Winning the propaganda war
Op-ed: Anti-Israel press propagandists should not be accommodated or rewarded
Should Israel treat pro-Palestinian news manipulators as if they were serious journalists? Should they be given privileges because they belong to supposedly reputable media? Why accommodate the allies of your enemies? Such questions arise anew after a recent study of Reuters' anti-Israel bias by Professor Henry Silverman of Chicago's Roosevelt University.
Silverman investigated 50 news-oriented articles by Reuters on the Middle East. His conclusions about this "objective" news agency were damning. He concluded that Reuters' coverage of the Middle East conflict "is systematically tainted by propaganda and influences readers to side with the Palestinian and Arab states against the Israelis."
Silverman analyzed these articles for reporting and ethical failures, such as propaganda devices and logical fallacies. As Reuters has a handbook of rules that its reporters are supposed to follow, he also checked the articles against its requirements. Silverman found more than 1,100 instances of reporting failures in these articles. On the average, this amounts to 22 failures per relatively short article. Silverman then submitted the articles to students who were neutral about the Middle East conflict. After they had read the biased articles, their views shifted to pro-Palestinian positions.
Trevor Asserson, a British litigation lawyer now living in Israel, applied a somewhat different methodology to the BBC several years ago. This media outlet is heavily subsidized by the British government and enjoys an important monopoly position. It operates under a government charter that defines 15 legal obligations. They include: fairness, respect for truth, due accuracy, attachment to fundamental democratic principles, not broadcasting their own opinions on current affairs or public policy, insuring that opposing views are not misrepresented and not letting the audience gauge the reporter's personal views.
Asserson checked various BBC TV programs on the Middle East against its commitments under the charter. He analyzed all documentaries on the Middle East shown on BBC 1 and 2 from late June 2002 to 2004. Afterwards, Asserson said that the BBC is conducting "what amounts to something equivalent to a campaign to vilify Israel, broadcasting a documentary critical of Israel every two to three months 88% of documentaries on the Israeli-Palestinian conflict paint either a negative impression of Israel or (in two cases) a positive image of Palestinians." He also found that "there is a systemic problem with the BBC complaints system."
Asserson concluded: "BBC's news reports concerning Israel are distorted by omission, by inclusion, by only giving partial facts, by who is interviewed, and by the background information provided, or lack of it. The only way to establish this factually was to do a proper forensic analysis. I prepared my reports in the way in which a judge would expect the evidence to be presented in a court of law."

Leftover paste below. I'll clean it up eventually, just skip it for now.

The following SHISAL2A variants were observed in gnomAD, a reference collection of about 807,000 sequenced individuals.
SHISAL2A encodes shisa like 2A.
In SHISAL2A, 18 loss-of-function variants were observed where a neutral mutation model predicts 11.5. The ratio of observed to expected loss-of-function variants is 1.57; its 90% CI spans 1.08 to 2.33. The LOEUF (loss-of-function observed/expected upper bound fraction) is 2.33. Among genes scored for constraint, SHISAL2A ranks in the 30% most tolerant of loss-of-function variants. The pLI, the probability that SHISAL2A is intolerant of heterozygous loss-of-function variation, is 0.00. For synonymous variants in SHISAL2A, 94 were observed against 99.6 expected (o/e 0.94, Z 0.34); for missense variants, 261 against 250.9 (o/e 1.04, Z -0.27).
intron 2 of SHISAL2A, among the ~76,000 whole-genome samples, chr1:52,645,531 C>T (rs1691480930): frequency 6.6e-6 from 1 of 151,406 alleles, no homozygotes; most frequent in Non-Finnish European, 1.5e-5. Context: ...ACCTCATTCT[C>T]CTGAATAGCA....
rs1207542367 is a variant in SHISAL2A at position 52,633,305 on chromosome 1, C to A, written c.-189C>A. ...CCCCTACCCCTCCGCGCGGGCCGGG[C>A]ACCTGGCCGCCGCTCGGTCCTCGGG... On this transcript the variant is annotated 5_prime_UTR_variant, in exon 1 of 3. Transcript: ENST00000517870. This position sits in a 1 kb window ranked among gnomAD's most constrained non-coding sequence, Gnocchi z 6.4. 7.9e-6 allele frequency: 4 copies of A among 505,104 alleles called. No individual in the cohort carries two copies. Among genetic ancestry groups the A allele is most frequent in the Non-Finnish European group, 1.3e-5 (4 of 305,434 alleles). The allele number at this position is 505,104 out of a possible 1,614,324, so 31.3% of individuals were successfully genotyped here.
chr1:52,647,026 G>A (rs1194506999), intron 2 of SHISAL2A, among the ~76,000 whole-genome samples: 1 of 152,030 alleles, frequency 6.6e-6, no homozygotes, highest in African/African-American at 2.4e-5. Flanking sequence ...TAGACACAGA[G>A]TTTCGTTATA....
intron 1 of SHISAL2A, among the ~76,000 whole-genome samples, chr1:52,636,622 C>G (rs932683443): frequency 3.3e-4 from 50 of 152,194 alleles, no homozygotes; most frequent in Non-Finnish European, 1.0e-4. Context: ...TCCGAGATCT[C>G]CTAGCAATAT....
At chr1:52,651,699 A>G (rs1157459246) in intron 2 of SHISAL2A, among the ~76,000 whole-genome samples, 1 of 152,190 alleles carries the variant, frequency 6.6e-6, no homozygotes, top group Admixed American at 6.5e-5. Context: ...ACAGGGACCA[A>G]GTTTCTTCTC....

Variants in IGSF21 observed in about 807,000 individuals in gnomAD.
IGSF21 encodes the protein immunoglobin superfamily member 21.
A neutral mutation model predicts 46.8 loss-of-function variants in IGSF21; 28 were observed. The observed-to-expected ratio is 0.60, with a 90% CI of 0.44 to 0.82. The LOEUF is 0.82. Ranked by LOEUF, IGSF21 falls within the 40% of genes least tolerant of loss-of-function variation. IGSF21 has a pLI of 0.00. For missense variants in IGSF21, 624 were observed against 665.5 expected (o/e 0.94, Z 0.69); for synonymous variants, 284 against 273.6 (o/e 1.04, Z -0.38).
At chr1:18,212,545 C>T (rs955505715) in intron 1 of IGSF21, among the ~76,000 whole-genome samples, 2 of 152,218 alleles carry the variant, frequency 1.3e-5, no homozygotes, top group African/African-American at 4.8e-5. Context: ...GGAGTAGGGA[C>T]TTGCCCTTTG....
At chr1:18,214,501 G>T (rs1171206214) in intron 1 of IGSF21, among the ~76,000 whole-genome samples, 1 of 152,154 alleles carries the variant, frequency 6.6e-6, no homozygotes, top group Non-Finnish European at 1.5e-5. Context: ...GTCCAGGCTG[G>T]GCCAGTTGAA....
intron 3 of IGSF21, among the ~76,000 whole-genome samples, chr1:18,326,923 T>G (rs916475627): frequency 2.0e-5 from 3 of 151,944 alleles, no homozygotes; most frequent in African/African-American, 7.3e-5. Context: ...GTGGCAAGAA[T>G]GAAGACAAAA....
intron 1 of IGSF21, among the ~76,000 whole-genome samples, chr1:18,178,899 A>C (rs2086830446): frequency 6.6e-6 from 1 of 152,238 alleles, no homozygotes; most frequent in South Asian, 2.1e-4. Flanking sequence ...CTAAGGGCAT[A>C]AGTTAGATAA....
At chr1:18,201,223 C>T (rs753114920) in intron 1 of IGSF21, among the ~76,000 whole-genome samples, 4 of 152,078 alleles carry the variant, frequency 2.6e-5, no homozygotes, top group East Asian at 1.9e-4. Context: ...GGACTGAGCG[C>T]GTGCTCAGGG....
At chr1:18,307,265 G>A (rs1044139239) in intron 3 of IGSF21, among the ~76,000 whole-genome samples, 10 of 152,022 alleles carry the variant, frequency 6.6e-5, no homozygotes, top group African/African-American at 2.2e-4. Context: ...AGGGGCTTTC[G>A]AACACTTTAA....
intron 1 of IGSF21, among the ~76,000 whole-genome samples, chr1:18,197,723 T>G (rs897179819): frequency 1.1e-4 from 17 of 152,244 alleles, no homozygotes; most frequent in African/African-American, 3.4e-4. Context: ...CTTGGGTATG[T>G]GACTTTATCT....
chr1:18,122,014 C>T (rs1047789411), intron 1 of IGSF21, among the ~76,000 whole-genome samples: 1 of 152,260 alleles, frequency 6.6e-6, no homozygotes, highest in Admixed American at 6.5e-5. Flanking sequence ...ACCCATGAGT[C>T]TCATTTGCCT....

Another form of news manipulation is selective publishing of biased op-eds. Recently, Israeli Prime Minister Benjamin Netanyahu "respectfully declined" to write an op-ed for the New York Times. His senior adviser Ron Dermer wrote a reply to the daily. In it, he quoted the late Senator Patrick Moynahan's admonition that "everyone is entitled to their own opinion, but no one is entitled to their own facts."
Dermer pointed out that the New York Times had printed an article by Palestinian President Mahmoud Abbas containing false historical "facts," which it could and should have verified quite easily. Dermer also checked op-eds about Israel published within the last three months in The New York Times and in the International Herald Tribune. Nineteen out of those 20 op-ed pieces were negative.
If such manipulation or propaganda is practiced by three media of the profession's elite, what can one possibly expect from others? There is a pressing need for a major study on the extremely questionable ethics of present-day journalism. Using Israel as a test case would be helpful to accomplish this.
In the meantime, Israel must act. It is time to form a Knesset caucus on media that should tackle this complex issue and hold the government accountable when it accommodates manipulators among the journalists. Freedom of the press is one thing. Being assisted by the government to help the enemy is something radically different.
Ministers should be asked why certain journalists (read: Palestinian and Arab propagandists) enjoy privileges. Let them fend for themselves without the rights press cards offer. In the physical war against Israel, its leaders search for and find solutions. The same approach should be applied to the propaganda war.
Dr. Manfred Gerstenfeld has published 20 books. Several of these address anti-Semitism and anti-Israelism